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Water leaks detection

Water scarcity is a concern not only due to a changing climate and a rise in demand, but also due to non-accountable losses within water distribution networks. In some parts of the EU, up to 80 % of water pumped into distribution systems is lost [Life SmartWater]. Leakages in large diameter main pipelines represent the highest share of the total water losses. However, the issue has been poorly addressed thus far, for example due to lack of access to pipelines. In addition, there is a lack of leakage control and management of water systems [1]. 


Water pipe networks are vulnerable to losses due to the geographically wide range of water networks, permanent material wear on the pipes, and many access points. In addition, usually there is no availability of real-time information about network conditions nor the water flow for the water network operator. The undetected pipeline damages, possible illegal withdrawal, and potential contamination in the water network can result in damage to the environment [Life SmartWater]. 


Active management of water distribution networks through data and optimisation is not yet common. Currently, most of the water networks are operated based on mid-term planning. Leakages are often detected very late, with a delay of weeks or months. The detection is usually done manually. Therefore, smart water management systems, which can prevent water losses, have the potential to gain major savings in cost, and protect the environment [Life SmartWater]


Detection of leakages [Watersign][SW4EU

Leak detection systems can identify both changes in water flow and detect leakages, blockages, and water losses. The detection system can be in real time, and is able to detect illegal connections to the network. The system can spot changes in certain points and alert actions, as well as analyse water consumption patterns [Watersign] [SW4EU]. 


Water leaks can be detected either with water pressure meters or with water meters. These types of metering are most suitable in places where the water system has clear main water lines. In addition to meters, it is possible to use water as a marker and transmit the information. When the water is used as marker, it contains e.g. some chemically-detectable agents. However, this solution is typical of urban irrigation systems and not of potable water systems [Watersign] [SW4EU].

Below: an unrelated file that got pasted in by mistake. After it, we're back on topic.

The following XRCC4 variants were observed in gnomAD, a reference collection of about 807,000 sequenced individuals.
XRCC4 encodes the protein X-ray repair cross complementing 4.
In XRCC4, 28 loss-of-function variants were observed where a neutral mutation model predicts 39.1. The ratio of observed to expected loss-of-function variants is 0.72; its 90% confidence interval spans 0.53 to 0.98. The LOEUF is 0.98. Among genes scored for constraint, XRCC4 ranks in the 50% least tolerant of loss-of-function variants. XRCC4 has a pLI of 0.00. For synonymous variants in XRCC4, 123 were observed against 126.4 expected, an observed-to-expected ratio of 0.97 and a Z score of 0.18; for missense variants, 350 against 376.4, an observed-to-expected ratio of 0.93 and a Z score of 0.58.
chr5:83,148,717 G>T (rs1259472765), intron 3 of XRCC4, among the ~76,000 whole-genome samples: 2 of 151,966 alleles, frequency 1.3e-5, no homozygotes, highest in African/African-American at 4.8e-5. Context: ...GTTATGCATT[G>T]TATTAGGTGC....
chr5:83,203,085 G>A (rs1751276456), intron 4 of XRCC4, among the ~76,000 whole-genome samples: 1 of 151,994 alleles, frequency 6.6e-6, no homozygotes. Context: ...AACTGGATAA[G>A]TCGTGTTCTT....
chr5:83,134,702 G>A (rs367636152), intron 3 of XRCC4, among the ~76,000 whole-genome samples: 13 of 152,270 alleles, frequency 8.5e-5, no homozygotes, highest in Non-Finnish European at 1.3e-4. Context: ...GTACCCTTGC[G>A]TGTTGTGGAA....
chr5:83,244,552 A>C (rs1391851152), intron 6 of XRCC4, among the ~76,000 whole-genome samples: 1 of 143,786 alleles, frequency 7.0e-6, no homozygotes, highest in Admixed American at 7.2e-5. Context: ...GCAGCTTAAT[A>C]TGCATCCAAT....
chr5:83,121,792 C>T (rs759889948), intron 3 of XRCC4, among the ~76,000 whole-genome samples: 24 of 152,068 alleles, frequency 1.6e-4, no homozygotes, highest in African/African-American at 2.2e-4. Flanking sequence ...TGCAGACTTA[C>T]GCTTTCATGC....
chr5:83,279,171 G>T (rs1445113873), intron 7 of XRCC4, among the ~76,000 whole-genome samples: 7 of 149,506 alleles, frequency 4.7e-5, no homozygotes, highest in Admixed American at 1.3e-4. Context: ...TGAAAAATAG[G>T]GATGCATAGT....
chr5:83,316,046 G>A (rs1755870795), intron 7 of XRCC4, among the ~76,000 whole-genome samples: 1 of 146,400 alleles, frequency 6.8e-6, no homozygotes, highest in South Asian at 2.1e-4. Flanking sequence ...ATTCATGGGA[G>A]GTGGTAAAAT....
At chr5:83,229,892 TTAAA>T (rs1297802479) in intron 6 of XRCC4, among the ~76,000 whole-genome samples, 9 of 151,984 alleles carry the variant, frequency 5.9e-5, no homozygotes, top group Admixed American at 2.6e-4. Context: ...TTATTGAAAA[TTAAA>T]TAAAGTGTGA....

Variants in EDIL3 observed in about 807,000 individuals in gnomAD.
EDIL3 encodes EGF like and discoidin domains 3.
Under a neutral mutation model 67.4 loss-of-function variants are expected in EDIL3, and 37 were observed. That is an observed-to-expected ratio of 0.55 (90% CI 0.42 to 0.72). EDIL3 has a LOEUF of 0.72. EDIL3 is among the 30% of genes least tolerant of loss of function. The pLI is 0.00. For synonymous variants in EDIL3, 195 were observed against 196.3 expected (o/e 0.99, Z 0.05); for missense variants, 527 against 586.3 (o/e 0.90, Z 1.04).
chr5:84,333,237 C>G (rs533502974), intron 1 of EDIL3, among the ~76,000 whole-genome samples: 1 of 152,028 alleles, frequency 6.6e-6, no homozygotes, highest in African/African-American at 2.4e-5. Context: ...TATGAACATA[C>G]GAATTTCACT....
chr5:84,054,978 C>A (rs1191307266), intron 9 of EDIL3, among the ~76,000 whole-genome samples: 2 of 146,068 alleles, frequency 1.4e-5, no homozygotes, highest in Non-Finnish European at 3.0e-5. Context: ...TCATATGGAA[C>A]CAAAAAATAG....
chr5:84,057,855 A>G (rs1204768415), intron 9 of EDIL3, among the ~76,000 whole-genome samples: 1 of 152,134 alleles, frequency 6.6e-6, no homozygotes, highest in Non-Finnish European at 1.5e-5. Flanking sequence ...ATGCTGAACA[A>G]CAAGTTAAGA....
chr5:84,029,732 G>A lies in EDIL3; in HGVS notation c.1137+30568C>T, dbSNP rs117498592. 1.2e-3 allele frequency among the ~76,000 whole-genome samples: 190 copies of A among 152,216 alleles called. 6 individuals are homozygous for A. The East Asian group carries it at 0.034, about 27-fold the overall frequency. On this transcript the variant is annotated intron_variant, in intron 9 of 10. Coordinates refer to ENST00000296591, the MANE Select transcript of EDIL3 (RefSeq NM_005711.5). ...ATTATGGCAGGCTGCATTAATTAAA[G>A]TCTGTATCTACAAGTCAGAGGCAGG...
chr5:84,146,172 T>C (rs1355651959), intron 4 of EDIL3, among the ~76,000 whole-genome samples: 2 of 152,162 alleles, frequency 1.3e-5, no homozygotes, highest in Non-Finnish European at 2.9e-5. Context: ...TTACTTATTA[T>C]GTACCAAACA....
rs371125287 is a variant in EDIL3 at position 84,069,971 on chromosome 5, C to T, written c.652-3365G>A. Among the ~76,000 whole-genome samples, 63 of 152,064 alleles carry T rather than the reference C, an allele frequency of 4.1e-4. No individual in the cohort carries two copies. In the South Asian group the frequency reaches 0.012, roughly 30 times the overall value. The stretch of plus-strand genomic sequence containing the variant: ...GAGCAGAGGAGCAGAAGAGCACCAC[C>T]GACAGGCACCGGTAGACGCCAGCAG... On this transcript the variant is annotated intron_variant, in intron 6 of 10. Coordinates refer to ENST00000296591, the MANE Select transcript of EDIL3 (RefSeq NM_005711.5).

Detection Leakages, Water as a sensor [Watersign] [7] 


Controlling leakages  

Water leakages can be controlled with sensors-equipped valve actuators. Valve actuators and sensors create a smart water grid, allowing or blocking water flows. The automations closing and opening the valves are efficient and prevent water damages. The wireless technology also allows for cost-efficient solutions in renovations. These solutions are not often used underground, which water distribution networks typically are [Life SmartWater]. 


There are also actuators using battery-powered and wireless data communication technology, which makes it possible to control urban water systems [Life SmartWater]. 

Controlling leakages, sensor installation [5] 


Leakage detection in water management systems  

Traditionally, water control systems were designed to deliver water and did not focus much on efficiency. New water management systems are based on platforms, which combine prediction, hydraulic simulation, assessment, leakage, and optimisation. This makes detection and control of leakages easier and more reliable [SWSS]. 

Water management system and modelling, design and scale model [5] 




Most water leak detection solutions are already available on the market or very close to commercial deployment, for example: 

  • Detection of leakages by using flow meter or pressure sensor were demonstrated in Watersign and in SW4EU.  

  • Detection of water leakages with an airborne surveillance service for water leak detection to provide water utilities with adequate information on leaks in water infrastructure was demonstrated in operational environment in WADI.  

  • Leakage detection in water management systems is available on commercial service platforms (e.g. DIANA, SWSS). 


Examples of solutions in pilot phase

  • Life SmartWater tested the large-scale application of leakage-control system based on wireless valve actuator technology combined with pressure sensor technology in industrial environment at district scale. 

  • Smart metering Pre-Commercial Procurement (PCP) procedure for demand driven innovative solutions was piloted in SmartMet.

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